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How to deal with the social media complainers

Twitter’s divided says Mashable – and it has rigorous data to back up the claim.  It’s seems there’s a division forming on Twitter between two camps:  The happy and the miserable.

In other words, the happy people have formed little Happy Twitter clubs. Meanwhile misery loves company in social media – as much as, if not more than, in real life,” read the post.

The challenge is the miserable can be distracting and range from a minor annoyance to a daily if not hourly thorn on the keyboard: The miserable complain. No matter what you do…you can’t please them. 

What do you do about it?  If you’ve already tried to help, but couldn’t get anywhere, perhaps the solution is to do nothing.

Peter Shankman dubs a person like this as “the constant complainer” in Customer Service:  New Rules for a Social Media World.

“Strangely, the constant complainer isn’t that big of a threat to you,” he writes. “In the end, no one takes them seriously. Of course, you should try to solve his problem.  But remember that the constant complainer isn’t as important as the one-time-complainer because most likely, no one listens to the constant complainer anymore, anyway.”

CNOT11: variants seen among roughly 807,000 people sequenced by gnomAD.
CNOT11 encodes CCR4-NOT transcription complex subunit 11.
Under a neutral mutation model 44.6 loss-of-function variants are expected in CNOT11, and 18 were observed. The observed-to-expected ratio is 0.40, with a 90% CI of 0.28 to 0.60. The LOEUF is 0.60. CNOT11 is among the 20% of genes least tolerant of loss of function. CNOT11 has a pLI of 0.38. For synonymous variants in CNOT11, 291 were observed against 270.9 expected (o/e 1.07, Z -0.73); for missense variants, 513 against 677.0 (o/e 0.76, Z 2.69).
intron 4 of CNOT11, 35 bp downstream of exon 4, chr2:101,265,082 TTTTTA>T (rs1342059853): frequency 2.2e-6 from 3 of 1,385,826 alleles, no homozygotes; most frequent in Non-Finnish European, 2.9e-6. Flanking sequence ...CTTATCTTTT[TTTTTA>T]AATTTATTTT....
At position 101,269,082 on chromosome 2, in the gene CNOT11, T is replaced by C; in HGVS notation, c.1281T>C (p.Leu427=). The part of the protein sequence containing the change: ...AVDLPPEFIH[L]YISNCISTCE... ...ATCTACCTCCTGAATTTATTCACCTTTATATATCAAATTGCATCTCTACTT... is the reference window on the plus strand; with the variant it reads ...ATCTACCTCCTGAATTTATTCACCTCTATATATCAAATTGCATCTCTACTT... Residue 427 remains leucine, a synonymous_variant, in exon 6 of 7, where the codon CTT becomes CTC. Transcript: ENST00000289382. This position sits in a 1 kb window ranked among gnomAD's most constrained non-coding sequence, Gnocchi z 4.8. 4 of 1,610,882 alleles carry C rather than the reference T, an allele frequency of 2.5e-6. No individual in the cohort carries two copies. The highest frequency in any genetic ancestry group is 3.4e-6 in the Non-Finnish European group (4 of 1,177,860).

It’s the electronic version of crying wolf.  You only get so many cries before people start discounting what you say.  This is especially important for PR pros:  imagine what a future employer or customer might think if they peruse your Twitter stream and see nothing but complaints?

Photo credit:  Flickr, frotzed2
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2 Responses

  1. Krista

    Great post, Frank! Luckily, I think I fall into the "happy camper" category on Twitter. I've found it to be a great way to learn from others, form connections, and share in constructive conversations. But, to your point, there are haters out there, or "trolls" if you will, who use Twitter as another social media platform to spread their misery.

    I guess it's a fact of life in social media, but for PR folks, it means you (or your client/company) have to be prepared for the positive and the negative when venturing into the social media sea.

  2. Frank Strong, MA, MBA

    You are indeed a happy camper, Krista! Keep it that way — it's infectious! As you say, it is a fact of life. We all have our moments I suppose, some of us less often than others.

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